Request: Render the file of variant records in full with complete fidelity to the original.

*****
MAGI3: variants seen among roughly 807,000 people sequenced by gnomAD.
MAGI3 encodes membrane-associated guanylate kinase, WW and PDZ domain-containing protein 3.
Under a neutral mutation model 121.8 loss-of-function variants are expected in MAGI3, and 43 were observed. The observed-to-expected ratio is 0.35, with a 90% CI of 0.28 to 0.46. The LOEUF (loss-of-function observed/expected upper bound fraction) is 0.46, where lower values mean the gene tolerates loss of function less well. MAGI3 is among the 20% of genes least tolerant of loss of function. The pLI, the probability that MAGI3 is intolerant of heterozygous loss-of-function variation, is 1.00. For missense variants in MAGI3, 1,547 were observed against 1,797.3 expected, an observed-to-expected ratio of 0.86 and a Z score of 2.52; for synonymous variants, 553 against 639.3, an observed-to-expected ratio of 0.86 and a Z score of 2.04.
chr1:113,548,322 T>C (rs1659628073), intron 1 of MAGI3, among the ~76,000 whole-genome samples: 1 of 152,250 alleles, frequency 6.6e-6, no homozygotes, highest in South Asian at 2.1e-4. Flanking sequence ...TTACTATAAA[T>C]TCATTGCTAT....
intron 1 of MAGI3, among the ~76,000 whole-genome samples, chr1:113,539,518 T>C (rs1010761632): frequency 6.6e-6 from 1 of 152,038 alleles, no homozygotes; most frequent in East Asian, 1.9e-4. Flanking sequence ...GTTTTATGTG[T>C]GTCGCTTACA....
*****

MAGI3: variants seen among roughly 807,000 people sequenced by gnomAD.
MAGI3 encodes membrane-associated guanylate kinase, WW and PDZ domain-containing protein 3.
Under a neutral mutation model 121.8 loss-of-function variants are expected in MAGI3, and 43 were observed. The observed-to-expected ratio is 0.35, with a 90% CI of 0.28 to 0.46. The LOEUF (loss-of-function observed/expected upper bound fraction) is 0.46, where lower values mean the gene tolerates loss of function less well. MAGI3 is among the 20% of genes least tolerant of loss of function. The pLI, the probability that MAGI3 is intolerant of heterozygous loss-of-function variation, is 1.00. For missense variants in MAGI3, 1,547 were observed against 1,797.3 expected, an observed-to-expected ratio of 0.86 and a Z score of 2.52; for synonymous variants, 553 against 639.3, an observed-to-expected ratio of 0.86 and a Z score of 2.04.
chr1:113,548,322 T>C (rs1659628073), intron 1 of MAGI3, among the ~76,000 whole-genome samples: 1 of 152,250 alleles, frequency 6.6e-6, no homozygotes, highest in South Asian at 2.1e-4. Flanking sequence ...TTACTATAAA[T>C]TCATTGCTAT....
intron 1 of MAGI3, among the ~76,000 whole-genome samples, chr1:113,539,518 T>C (rs1010761632): frequency 6.6e-6 from 1 of 152,038 alleles, no homozygotes; most frequent in East Asian, 1.9e-4. Flanking sequence ...GTTTTATGTG[T>C]GTCGCTTACA....